I cannot agree with Theodore R. Simpson's assertion {letter, Oct. 17} that because most of the 40,000 children who die each day from malnutrition and disease live outside the United States they ''are not our direct concern.'' The underlying conditions of poverty and deprivation that cause those deaths also cause damage to the environment, overpopulation and social unrest, which ultimately are everyone's concern.

Nor, however, can I see any logic in Jessica Mathew's overworked argument that the money to solve the world's problems should come from NASA's budget {"The Mars Extravaganza," op-ed, Oct. 5}.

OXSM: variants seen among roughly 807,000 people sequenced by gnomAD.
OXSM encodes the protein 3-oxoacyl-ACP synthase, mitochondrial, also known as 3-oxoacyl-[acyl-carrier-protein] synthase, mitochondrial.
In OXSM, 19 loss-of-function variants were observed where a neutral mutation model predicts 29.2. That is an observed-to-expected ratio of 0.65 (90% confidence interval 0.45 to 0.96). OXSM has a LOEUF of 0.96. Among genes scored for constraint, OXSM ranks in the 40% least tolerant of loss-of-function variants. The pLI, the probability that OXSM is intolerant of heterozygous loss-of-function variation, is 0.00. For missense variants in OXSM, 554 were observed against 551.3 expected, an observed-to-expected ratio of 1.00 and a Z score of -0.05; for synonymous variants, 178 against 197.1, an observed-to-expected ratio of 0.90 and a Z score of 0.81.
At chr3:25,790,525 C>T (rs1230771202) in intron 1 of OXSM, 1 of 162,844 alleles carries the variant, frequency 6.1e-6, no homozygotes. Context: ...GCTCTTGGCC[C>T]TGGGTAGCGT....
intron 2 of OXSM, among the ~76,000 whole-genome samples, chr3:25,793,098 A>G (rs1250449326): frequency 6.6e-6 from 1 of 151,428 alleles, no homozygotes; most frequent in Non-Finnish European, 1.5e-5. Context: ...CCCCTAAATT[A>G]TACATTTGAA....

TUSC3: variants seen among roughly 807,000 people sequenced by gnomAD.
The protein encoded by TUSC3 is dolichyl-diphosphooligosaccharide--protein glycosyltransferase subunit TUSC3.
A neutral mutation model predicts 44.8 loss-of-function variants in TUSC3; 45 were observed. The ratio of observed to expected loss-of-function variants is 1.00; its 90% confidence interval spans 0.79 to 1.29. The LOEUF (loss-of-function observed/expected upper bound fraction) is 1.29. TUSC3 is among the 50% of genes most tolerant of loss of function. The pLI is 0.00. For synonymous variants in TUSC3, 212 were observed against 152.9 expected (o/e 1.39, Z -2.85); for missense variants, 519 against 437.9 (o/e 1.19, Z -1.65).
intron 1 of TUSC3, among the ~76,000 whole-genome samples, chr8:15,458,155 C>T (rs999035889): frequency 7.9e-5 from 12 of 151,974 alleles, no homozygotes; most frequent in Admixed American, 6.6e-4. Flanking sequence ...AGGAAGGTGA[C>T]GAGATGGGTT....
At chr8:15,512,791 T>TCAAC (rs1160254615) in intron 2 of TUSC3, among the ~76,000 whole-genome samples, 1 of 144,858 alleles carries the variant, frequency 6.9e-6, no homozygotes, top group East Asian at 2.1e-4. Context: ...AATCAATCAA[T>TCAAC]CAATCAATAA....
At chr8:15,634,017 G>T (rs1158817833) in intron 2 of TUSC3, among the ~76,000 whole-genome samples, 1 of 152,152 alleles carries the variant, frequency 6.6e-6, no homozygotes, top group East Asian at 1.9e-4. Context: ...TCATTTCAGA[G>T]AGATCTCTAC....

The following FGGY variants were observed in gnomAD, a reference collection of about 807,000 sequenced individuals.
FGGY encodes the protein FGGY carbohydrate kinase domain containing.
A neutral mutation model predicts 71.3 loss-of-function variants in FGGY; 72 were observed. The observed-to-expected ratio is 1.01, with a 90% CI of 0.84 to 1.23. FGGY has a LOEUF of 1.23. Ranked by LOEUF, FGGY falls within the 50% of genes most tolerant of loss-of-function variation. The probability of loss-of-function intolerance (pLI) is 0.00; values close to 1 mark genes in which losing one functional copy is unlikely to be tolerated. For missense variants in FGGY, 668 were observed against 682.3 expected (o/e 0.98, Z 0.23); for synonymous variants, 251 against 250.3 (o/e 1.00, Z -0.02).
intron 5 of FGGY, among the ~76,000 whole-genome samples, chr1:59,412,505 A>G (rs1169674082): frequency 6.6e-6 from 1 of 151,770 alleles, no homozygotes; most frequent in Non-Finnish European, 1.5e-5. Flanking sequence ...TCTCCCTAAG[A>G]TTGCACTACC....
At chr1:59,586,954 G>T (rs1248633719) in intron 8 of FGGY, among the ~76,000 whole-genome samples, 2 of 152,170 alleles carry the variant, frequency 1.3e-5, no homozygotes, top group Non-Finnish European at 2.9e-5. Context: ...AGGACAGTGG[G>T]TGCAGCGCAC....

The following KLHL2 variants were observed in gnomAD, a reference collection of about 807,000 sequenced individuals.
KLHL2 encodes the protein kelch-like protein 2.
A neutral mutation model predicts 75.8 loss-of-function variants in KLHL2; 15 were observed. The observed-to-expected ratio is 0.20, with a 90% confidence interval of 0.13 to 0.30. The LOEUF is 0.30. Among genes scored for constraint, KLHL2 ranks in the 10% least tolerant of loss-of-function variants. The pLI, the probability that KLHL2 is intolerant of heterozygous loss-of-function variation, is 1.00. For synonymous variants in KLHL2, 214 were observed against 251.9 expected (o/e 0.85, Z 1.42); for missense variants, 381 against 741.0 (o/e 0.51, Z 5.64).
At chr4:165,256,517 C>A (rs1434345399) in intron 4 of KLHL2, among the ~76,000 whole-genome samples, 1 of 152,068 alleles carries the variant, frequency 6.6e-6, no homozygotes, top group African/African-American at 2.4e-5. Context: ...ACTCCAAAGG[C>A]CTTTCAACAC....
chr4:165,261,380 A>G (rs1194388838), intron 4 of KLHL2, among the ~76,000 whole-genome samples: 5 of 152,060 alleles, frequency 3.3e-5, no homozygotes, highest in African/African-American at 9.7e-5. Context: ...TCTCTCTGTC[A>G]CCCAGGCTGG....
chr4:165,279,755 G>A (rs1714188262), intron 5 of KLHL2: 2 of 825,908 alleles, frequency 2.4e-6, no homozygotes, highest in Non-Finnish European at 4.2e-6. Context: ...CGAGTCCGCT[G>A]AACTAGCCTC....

The fact is that the United States spent about $13.7 billion this year in various forms of foreign aid, and less than half of that money went to development assistance programs (some, but not all of which, are intended to help the poor and hungry). The rest of our foreign aid went for military strife in the developing world. If we want more money to go to primary health care and education in the recipient countries, it makes better sense to take the money from other parts of the foreign-aid budget than to scrap our space exploration program.

There's no need to alienate well-intentioned supporters of space exploration in the name of the world's poor. We can go to Mars and support meaningful development in Bangladesh too.

MICHAEL H. HOLMES Gaithersburg